Despite massive front-end damage to Grossman's SUV and witness testimony that she hit the two young brothers, her lawyers are expected to tell jurors that the car was one of many vehicles passing through the crosswalk at the time of the deadly incident, and that authorities have wrongly focused on her.

A yellow sign with a photo of two boys reads "Justice for Mark & Jacob."
A handmade sign outside the Van Nuys Courthouse in 2022 shows an image of Mark Iskander, 11, and brother Jacob, 8. (Mel Melcon / Los Angeles Times)

Grossman was driving behind Scott Erickson, a former Dodgers player, who prosecutors alleged was romantically involved with her and had been drinking cocktails with her at a nearby restaurant.

Buzbee says there are witnesses who'll testify that multiple cars hit the boys. "The defense's reconstruction experts will show that Grossman's vehicle was not the first vehicle to hit the children, and another eyewitness indicated that she was also not the last vehicle that made contact with the children," Buzbee said.

"These witness reports and video existed from the first night of the accident, and instead of trying to identify the other vehicles, the sheriff took the easy route and focused on the driver of the only vehicle that stayed after the accident occurred, Rebecca Grossman."

Deputy Dist. Atty. Ryan Gould, in pretrial-motion discussions, has pushed back, saying Grossman's lawyers have no foundation for the argument that any other vehicle struck the boys.

Buzbee argued in court last week that sheriff’s investigators never checked Erickson’s black Mercedes SUV for damage, even though he drove through the marked crosswalk a few seconds before Grossman.

He produced a photo of the black SUV that he alleged Erickson was driving; the image showed the car had some damage. But prosecutors say they have seen no evidence that the pictured damage is connected to the incident.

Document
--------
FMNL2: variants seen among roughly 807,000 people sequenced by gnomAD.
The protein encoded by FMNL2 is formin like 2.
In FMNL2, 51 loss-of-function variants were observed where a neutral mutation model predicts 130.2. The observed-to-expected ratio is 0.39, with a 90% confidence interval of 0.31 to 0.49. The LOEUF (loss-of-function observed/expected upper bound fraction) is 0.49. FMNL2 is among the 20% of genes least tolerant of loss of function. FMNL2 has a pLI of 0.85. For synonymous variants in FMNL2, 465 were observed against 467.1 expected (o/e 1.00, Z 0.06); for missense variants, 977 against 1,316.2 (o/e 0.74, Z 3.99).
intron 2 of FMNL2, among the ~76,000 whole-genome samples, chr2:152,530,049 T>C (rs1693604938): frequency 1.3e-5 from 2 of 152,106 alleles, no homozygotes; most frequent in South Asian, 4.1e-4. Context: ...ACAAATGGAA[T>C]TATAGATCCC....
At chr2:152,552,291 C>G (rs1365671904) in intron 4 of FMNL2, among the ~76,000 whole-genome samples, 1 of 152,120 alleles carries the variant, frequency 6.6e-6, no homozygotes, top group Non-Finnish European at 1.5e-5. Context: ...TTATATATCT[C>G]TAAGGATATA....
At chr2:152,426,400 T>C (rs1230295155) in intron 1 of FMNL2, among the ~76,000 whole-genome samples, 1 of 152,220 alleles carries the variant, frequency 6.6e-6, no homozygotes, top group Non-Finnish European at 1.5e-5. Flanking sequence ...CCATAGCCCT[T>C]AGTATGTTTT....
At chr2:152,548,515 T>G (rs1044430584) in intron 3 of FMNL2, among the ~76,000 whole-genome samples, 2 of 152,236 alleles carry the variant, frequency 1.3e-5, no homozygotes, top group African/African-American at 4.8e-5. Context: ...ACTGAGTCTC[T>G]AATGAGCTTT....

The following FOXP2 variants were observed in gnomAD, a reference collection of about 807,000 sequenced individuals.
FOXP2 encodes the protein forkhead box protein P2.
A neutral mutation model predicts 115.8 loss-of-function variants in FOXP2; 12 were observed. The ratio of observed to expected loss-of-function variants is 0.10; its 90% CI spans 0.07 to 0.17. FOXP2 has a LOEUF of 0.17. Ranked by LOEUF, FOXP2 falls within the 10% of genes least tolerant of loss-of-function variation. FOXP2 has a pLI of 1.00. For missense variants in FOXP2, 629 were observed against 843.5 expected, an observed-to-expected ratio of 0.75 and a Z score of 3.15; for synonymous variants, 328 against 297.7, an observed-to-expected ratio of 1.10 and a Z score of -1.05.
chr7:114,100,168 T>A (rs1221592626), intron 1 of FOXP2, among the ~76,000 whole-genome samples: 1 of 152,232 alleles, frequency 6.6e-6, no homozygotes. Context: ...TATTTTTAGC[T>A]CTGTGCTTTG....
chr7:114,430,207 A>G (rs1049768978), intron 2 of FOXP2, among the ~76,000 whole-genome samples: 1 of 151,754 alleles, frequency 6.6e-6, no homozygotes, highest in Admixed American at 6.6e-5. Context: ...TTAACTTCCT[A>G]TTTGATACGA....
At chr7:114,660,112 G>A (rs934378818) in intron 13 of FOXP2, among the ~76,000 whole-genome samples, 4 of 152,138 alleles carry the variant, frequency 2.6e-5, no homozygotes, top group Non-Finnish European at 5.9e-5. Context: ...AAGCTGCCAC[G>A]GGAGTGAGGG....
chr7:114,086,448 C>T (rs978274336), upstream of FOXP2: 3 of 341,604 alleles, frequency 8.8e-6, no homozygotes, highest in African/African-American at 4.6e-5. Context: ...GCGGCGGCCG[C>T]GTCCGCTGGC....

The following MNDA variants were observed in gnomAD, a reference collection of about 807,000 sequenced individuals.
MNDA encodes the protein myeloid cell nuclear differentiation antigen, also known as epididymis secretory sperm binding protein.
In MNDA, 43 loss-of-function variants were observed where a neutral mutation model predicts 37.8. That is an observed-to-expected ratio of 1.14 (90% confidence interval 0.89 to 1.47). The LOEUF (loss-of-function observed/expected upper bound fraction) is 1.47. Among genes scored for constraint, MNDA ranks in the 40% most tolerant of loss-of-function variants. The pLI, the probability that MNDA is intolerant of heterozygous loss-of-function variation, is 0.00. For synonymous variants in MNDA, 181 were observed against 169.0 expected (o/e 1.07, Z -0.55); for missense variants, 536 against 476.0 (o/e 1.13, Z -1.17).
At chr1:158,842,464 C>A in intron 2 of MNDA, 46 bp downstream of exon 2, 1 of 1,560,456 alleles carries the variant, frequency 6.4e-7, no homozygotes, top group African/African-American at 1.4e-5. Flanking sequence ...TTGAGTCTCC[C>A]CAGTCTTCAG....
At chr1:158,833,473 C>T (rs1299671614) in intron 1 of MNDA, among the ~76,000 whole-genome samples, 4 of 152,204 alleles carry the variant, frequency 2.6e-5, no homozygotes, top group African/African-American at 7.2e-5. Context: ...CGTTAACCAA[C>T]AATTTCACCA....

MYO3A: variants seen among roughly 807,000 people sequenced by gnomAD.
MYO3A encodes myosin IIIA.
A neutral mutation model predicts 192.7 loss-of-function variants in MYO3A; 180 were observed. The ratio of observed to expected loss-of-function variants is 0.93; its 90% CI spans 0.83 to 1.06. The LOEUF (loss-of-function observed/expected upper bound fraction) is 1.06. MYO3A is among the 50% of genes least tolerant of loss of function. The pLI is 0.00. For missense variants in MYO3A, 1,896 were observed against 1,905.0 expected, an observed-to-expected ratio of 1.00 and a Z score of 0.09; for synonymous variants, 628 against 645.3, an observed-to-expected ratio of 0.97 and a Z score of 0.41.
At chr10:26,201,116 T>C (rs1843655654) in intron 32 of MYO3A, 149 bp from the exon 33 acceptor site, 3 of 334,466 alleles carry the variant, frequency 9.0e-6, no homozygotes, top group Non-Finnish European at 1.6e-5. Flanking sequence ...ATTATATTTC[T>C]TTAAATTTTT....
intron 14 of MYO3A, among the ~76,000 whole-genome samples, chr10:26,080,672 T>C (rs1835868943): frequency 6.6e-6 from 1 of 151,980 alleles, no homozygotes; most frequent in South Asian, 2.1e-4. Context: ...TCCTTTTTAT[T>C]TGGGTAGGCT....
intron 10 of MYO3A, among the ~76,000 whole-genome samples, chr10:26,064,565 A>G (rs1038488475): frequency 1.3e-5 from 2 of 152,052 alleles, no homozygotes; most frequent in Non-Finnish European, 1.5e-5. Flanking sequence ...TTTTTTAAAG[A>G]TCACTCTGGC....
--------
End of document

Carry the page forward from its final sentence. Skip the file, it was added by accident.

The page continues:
Taking this tack is risky, said Louis Shapiro, a defense attorney not involved in the case. The Times asked Shapiro about using the move as a way to shift blame and create reasonable doubt.

"Unless there is forensic evidence to support a theory that another car was involved, the jury is going to see this as a desperate attempt to absolve her of liability," Shapiro said, "and it could very much haunt her at sentencing."

Grossman’s on-site breathalyzer test showed a blood-alcohol content of 0.076%, slightly below California's legal limit of 0.08%. A blood sample taken three hours after the crash registered at the 0.08% mark. She is not charged with driving under the influence.

Read more: A speeding Mercedes. Two kids killed. Should a Hidden Hills socialite face a murder trial?

Prosecutors Gould and Jamie Castro plan to show that Valium was also found in Grossman's system and will argue that, together with the alcohol, the prescription drug impaired her driving.

Jurors will be allowed to hear that Grossman — who is married to Dr. Peter Grossman, a renowned plastic surgeon who heads the West Hills-based Grossman Burn Center — was in a romantic relationship with Erickson at the time of the crash. Peter Grossman, in a statement, has said they were separated at the time.